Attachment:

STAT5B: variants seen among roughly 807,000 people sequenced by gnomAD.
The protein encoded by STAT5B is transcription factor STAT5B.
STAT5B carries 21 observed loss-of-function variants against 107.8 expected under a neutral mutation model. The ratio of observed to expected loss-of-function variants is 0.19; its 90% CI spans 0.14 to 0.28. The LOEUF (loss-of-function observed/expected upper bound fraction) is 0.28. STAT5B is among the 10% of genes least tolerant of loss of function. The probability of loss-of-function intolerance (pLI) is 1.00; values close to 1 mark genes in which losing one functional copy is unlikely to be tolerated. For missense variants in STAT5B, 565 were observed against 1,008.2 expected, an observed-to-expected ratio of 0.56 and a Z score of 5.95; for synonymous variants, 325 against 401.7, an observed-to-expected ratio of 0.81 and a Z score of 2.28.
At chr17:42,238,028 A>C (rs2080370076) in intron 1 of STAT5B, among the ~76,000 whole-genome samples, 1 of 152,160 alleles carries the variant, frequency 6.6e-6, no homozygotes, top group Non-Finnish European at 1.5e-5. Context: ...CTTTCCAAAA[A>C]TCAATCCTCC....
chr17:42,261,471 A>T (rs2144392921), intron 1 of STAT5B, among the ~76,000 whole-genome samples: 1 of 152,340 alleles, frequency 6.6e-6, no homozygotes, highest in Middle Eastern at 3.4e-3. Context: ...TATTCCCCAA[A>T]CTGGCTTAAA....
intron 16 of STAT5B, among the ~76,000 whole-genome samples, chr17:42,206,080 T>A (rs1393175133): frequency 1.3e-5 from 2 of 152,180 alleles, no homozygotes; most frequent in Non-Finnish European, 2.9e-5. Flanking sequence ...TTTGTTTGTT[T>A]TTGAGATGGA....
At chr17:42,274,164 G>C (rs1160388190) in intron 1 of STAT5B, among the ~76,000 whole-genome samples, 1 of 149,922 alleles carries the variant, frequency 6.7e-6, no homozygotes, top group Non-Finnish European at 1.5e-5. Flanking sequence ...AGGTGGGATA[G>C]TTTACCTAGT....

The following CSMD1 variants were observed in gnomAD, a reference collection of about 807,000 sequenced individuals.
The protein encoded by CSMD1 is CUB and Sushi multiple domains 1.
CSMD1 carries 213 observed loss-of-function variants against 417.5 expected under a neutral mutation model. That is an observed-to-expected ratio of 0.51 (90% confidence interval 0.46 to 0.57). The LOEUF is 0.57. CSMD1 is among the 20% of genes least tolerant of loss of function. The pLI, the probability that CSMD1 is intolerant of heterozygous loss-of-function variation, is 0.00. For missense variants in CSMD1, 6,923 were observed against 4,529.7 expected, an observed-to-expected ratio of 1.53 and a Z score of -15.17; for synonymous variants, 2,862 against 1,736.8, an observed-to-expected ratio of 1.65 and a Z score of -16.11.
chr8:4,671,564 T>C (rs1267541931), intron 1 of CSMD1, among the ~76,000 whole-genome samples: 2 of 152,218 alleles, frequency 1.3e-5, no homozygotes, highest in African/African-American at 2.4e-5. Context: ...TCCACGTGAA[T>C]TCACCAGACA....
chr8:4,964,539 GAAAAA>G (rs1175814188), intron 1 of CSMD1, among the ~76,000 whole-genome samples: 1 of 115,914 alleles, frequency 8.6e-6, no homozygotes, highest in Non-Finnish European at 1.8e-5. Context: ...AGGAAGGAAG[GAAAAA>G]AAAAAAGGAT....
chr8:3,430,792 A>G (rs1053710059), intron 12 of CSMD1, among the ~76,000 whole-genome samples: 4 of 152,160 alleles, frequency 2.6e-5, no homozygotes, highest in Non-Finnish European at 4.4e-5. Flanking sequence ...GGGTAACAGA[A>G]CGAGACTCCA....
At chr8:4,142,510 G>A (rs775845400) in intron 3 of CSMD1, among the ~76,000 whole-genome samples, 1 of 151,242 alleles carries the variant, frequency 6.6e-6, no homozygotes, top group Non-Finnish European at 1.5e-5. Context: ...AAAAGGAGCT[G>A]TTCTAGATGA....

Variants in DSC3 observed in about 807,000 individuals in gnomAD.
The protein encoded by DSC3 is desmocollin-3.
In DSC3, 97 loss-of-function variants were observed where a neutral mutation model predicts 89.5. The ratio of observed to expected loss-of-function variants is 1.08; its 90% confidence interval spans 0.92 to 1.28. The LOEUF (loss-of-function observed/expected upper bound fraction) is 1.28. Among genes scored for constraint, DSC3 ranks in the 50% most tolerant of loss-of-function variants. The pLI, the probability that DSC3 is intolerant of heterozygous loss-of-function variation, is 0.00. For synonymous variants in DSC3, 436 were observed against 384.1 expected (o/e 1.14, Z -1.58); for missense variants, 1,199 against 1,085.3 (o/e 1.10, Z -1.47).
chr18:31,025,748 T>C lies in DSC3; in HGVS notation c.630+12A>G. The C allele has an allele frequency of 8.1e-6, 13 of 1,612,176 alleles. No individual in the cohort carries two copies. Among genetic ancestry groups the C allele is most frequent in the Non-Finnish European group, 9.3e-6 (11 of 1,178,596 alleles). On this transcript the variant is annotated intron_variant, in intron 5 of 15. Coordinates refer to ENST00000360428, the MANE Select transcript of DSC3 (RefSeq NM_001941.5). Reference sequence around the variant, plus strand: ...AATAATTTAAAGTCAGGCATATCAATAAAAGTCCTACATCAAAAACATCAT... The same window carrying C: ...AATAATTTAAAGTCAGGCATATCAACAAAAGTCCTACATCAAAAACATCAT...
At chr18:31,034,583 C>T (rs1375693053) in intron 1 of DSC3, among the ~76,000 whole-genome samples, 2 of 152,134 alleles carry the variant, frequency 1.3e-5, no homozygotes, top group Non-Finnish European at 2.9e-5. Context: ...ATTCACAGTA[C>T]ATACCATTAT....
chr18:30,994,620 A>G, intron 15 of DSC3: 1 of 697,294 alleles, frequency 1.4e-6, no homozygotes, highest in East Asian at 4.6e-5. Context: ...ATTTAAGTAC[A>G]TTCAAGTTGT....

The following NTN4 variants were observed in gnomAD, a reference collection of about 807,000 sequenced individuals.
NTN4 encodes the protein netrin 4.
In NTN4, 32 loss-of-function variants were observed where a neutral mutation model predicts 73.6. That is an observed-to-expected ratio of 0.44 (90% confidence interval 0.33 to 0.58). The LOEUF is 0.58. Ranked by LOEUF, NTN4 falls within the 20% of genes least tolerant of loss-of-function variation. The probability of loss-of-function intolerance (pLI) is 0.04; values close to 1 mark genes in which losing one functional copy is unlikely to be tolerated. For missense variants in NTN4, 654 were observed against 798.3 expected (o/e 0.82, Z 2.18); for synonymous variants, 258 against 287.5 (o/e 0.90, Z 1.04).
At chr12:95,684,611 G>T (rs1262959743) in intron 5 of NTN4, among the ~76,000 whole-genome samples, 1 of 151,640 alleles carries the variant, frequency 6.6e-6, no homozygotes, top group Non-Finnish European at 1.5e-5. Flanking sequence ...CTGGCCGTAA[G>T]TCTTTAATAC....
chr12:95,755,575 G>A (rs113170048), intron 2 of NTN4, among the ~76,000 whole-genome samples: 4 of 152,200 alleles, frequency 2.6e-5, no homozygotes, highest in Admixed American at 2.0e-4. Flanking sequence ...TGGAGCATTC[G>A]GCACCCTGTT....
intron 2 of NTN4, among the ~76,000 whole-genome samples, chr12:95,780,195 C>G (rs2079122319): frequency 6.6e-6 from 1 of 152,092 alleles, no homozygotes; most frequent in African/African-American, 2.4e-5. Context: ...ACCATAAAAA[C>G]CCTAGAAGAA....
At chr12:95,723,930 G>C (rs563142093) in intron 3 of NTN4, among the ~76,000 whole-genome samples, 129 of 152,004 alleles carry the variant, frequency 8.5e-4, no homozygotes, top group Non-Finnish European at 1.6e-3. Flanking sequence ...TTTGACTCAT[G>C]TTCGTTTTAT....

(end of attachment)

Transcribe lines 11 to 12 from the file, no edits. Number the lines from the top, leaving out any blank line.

chr8:4,671,564 T>C (rs1267541931), intron 1 of CSMD1, among the ~76,000 whole-genome samples: 2 of 152,218 alleles, frequency 1.3e-5, no homozygotes, highest in African/African-American at 2.4e-5. Context: ...TCCACGTGAA[T>C]TCACCAGACA....
chr8:4,964,539 GAAAAA>G (rs1175814188), intron 1 of CSMD1, among the ~76,000 whole-genome samples: 1 of 115,914 alleles, frequency 8.6e-6, no homozygotes, highest in Non-Finnish European at 1.8e-5. Context: ...AGGAAGGAAG[GAAAAA>G]AAAAAAGGAT....